I got this plant from Tom Nuccio. Tom told me that he got it from a person named Perkins under the name ‘Gingetsu’. Obviously this plant is not ‘Gingetsu’ because the real ‘Gingetsu’ is a well-known white Camellia sasanqua, from Higo-sazanka group of cultivars, originated in Japanese province of Kumamoto.
I suspect this misnamed ‘Gingetsu Perkins’ might be a cross between C. sasanqua and C. reticulata. Its flower size is unusually big for sasanqua, but it has a good sun tolerange. It is also fast growing, upright and somewhat loose. It is much easier to cross C. sasanqua with C. reticulata than to cross C. sasanqua with C. japonica because of their chromosome counts. Both C. sasanqua and C. reticulata usually have 90 chromosomes, while C. japonica – just 30. For more information about Camellia chromosomes see Camellia sasanqua botany (with pictures).
One of my ‘Gingetsu Perkins’ plants got what looks like a bud mutation, and produced a flower with petaloids:
This new little camellia looks very unusual for anybody except probably a hardcore Camellia botanist. The flowers of ‘Tiny Gem’ are tiny, stamens have orangish tint, small dark leaves are unusually serrated, stem nodes and internodes do not look like anything in japonica-sasanqua-reticulata world. In addition, ‘Tiny Gem’s’ growth habit is chaotic and the plant requires full shade to grow well.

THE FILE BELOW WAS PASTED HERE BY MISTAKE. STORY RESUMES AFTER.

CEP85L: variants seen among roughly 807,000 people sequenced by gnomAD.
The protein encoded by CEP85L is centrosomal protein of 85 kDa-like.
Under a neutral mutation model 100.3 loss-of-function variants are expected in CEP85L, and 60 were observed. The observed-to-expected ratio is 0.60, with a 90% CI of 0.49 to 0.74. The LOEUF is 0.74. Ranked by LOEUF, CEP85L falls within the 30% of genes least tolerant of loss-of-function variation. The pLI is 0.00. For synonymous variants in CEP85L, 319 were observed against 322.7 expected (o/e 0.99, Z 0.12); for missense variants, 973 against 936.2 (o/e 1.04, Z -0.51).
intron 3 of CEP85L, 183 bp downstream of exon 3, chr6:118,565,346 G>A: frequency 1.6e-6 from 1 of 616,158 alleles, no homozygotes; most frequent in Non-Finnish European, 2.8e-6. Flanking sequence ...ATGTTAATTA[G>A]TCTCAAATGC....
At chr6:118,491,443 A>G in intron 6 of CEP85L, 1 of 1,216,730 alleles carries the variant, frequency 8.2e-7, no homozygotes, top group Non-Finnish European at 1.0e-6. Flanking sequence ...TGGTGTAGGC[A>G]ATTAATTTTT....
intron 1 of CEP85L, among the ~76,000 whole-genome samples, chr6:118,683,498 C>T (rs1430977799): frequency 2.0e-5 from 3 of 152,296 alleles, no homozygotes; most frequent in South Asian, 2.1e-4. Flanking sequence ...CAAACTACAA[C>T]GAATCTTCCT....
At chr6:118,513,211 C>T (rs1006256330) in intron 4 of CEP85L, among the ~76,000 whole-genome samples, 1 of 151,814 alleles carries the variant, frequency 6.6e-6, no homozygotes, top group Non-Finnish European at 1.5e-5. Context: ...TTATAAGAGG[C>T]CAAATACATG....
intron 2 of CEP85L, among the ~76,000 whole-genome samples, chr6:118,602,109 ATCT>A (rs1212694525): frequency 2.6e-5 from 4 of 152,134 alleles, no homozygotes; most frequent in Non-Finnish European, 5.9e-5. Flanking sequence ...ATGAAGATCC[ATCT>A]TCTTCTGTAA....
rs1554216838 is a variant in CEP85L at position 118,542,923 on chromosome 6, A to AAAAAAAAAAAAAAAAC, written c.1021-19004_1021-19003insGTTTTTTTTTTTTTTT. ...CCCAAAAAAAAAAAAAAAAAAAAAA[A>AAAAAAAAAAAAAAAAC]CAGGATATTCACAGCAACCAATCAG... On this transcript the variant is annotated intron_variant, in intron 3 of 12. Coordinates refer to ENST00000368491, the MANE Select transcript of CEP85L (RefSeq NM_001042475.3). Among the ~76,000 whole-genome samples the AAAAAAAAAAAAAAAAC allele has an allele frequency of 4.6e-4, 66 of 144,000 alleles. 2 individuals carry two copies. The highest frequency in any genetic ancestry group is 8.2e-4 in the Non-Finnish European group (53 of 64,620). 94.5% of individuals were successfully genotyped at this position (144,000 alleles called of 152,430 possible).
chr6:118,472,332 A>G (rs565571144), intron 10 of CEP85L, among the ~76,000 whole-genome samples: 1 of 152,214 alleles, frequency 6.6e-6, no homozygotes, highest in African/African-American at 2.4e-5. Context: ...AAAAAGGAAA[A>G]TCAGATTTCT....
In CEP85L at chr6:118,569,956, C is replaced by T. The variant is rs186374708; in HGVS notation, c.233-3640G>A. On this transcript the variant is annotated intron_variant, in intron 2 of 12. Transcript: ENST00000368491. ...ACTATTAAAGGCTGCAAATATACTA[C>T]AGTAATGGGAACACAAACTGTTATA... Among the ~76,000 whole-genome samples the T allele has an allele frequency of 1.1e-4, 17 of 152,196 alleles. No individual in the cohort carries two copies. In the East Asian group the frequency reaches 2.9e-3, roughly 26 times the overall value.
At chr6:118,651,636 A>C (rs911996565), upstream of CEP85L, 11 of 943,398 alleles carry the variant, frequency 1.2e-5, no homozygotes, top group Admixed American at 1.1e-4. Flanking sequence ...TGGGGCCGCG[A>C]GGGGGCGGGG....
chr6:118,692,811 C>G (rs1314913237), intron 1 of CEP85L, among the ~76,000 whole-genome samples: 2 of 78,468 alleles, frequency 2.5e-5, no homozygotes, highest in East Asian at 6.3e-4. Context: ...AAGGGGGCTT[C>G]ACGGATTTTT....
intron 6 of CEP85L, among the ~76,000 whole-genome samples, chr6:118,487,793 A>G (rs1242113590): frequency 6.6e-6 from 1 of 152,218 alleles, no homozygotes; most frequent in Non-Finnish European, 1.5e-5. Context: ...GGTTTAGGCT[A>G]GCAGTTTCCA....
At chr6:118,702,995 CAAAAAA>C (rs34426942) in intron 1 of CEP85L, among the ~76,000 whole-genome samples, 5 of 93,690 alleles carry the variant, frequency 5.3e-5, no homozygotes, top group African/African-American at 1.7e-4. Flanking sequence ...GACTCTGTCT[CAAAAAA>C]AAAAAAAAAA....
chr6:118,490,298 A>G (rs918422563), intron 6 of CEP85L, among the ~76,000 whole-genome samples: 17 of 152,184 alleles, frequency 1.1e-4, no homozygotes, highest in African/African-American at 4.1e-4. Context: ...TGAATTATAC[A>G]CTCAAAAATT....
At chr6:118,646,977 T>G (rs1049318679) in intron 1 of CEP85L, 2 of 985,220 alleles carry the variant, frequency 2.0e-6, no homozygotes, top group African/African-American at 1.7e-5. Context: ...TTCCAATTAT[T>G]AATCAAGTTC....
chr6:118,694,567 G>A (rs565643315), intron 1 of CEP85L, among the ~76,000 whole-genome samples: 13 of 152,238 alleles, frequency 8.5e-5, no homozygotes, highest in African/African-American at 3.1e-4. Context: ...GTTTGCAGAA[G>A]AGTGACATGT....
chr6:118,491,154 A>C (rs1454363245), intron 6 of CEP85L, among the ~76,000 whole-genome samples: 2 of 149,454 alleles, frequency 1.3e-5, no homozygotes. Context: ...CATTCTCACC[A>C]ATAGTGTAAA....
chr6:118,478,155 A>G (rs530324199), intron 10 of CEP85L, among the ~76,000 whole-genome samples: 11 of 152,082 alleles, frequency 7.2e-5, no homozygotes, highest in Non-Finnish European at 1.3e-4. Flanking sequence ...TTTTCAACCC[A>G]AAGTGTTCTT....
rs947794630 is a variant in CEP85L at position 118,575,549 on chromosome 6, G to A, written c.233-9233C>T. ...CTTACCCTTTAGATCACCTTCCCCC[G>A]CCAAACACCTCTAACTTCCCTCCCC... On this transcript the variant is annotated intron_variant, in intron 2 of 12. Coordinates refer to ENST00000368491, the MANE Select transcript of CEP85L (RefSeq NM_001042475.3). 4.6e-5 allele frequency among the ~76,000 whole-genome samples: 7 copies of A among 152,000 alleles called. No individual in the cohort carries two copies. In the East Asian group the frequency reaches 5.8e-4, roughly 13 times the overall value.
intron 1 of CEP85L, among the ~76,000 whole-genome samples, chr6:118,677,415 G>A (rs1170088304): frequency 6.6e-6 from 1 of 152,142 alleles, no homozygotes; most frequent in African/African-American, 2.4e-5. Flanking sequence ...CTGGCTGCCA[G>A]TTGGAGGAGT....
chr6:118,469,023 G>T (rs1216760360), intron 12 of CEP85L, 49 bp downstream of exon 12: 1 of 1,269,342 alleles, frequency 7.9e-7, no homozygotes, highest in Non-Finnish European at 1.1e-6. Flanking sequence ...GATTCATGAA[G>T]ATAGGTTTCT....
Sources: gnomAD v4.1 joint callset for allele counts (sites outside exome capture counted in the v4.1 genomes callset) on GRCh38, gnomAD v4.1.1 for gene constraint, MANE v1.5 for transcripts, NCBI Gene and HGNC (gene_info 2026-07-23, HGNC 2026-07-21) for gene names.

According to Tom Nuccio, the originator of ‘Tiny Gem’, this plant is likely to be a seedling of C. fraterna, a species from Theopsys section of Camellia genus. Now if we look into Ming Tien Lu’s book about camellia species, we find that Theopsys clade is very distant from Paracamellia clade where C. sasanqua belongs. In fact, Theopsys is much closer to tea plant – Camellia sinensis of Thea section of the genus.
Therefore it is unlikely I can ever cross any relative of C. sasanqua with ‘Tiny Gem’. So I don’t need this cultivar. But if you like strange compact plants for your shady patio, this plant might be just right for you. If you live in northern California and want to get this plant from me – see the details at ANNUAL GIVEAWAY OF CAMELLIAS
Camellia oleifera is a relative of Camellia sasanqua. This gorgeous anemony-form ‘Jaune’ cultivar with a ball of yellow petaloids is very rare in the United States. Three years ago I got a scion in our local camellia club, grafted it, and finally it is blooming in my garden.